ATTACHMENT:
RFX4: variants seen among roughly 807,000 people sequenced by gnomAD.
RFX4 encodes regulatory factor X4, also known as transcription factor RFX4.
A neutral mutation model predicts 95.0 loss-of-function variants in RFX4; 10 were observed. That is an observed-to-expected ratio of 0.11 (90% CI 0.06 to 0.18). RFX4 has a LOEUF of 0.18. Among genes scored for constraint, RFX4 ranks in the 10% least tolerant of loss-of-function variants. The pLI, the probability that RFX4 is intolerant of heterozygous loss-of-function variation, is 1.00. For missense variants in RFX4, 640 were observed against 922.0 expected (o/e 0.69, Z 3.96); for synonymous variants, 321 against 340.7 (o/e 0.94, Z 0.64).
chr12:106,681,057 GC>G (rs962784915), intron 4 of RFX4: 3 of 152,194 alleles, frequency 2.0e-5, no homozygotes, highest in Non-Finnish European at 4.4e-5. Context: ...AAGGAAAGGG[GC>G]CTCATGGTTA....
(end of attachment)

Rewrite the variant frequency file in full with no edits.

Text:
RFX4: variants seen among roughly 807,000 people sequenced by gnomAD.
RFX4 encodes regulatory factor X4, also known as transcription factor RFX4.
A neutral mutation model predicts 95.0 loss-of-function variants in RFX4; 10 were observed. That is an observed-to-expected ratio of 0.11 (90% CI 0.06 to 0.18). RFX4 has a LOEUF of 0.18. Among genes scored for constraint, RFX4 ranks in the 10% least tolerant of loss-of-function variants. The pLI, the probability that RFX4 is intolerant of heterozygous loss-of-function variation, is 1.00. For missense variants in RFX4, 640 were observed against 922.0 expected (o/e 0.69, Z 3.96); for synonymous variants, 321 against 340.7 (o/e 0.94, Z 0.64).
chr12:106,681,057 GC>G (rs962784915), intron 4 of RFX4: 3 of 152,194 alleles, frequency 2.0e-5, no homozygotes, highest in Non-Finnish European at 4.4e-5. Context: ...AAGGAAAGGG[GC>G]CTCATGGTTA....